It is hard to deny the post-referendum shock has left the UK food industry in a difficult place, so Wright’s realism is entirely justified. He has, however, spoken of the need for FDF members to “make the best of Brexit”. A confidence survey of its members published by the FDF last week may lead some to conclude this is an industry reeling somewhat rather than one ready to put its best foot forward. Some 69.5% of respondents are less confident about the UK business environment following the referendum, with only 11.2% more confident. When taken with the results of its pre-vote survey which suggested some 71% of its members were in favour of remaining in the EU, the confidence survey may make uneasy reading for the sector’s advocates seeking to galvanise a “can-do” spirit.

“I think it’s important that we accept that there isn’t an alternative to the Brexit,” Wright says. “The time for grieving about that is over but I do think in that context you have to have the coldest-eyed assessment of what the risks and opportunities are. And right now the risks look pretty significant with the labour market, with the legislative framework, and in particular longer term with the tariffs.”

Wright says a move to a WTO tariff regime two years from next March “even as a short-term measure while we get the rest of the things sorted out”, would have a “huge impact” on the UK food market and on shoppers who, he adds, “are going to find that prices will go up and the range of choice will be significantly constrained”. Wright believes his priorities are to shore up continued access to EU labour and striving to change the government’s perceptions “where necessary” about the implications of leaving the Single Market.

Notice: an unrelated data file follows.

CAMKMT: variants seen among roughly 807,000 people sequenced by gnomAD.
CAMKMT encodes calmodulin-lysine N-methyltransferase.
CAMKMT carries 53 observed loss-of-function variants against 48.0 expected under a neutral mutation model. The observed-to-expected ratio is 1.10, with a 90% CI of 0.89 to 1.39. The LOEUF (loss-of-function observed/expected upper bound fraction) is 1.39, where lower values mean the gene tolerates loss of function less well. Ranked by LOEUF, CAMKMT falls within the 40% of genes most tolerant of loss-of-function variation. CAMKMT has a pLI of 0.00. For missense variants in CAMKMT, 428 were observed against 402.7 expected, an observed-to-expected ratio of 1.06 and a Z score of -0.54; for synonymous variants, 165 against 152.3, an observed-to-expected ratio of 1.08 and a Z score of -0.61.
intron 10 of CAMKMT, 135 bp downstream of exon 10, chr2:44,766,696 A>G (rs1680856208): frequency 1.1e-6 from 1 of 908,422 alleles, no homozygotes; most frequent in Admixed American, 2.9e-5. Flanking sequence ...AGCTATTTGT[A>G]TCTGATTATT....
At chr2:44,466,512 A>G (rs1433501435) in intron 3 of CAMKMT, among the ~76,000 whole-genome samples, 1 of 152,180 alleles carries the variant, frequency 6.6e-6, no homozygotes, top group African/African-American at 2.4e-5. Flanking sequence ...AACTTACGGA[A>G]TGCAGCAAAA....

The growing likelihood the UK will also leave the EU Single Market, the so-called “hard” Brexit option, is worrying enough for the country’s food industry but Wright sees the prospect of leaving the EU Customs Union as even more concerning. “Frankly the notion that we would leave the Customs Union is very damaging for food manufacturers in this country.”

Wright says the “spongeability” of the UK government’s Brexit strategy may be key in determining whether multinational companies continue to view the UK as a potential export hub, but at present he remains relatively sanguine on this key question. “I don’t think we see any signs of any decanting yet. I think if we are out of the Customs Union, if it’s very difficult to get labour over here, if the investment climate for UK business becomes more challenged, then I think you could see that happening, but we’re a long way from that at the moment.”

While the UK government is generally keeping its cards close to its chest on its fledgling Brexit negotiations, Wright says the FDF has established a positive dialogue with both Defra, now headed by pro-Brexit minister, Andrea Leadsom, and the Department for Exiting the European Union (DExEU). 

“I haven’t met Andrea Leadsom yet so I can’t speak for her,” Wright says. “I have to say the dialogue with civil servants has been excellent, so we’re in pretty much daily touch with Defra as the coordinating department for food and farming on Brexit.” 

Tim Render, deputy director for food exports at Defra, is among those speaking at an event the FDF has convened to discuss “the best way forward for food and drink companies as the UK strives to create a workable future relationship with the EU” on 1 November. Wright has met with Robin Walker, a DExEU minister, whom he describes as “very constructive and very sensible”.

“We’ve also had indications of willingness to talk to the Department of International Trade so I’m pretty hopeful of the conversations,” he adds encouragingly.

In the second part of this interview, FDF director general Ian Wright gives his views on the longer term implications of Brexit for UK food and farming policy and for the UK food industry’s labour force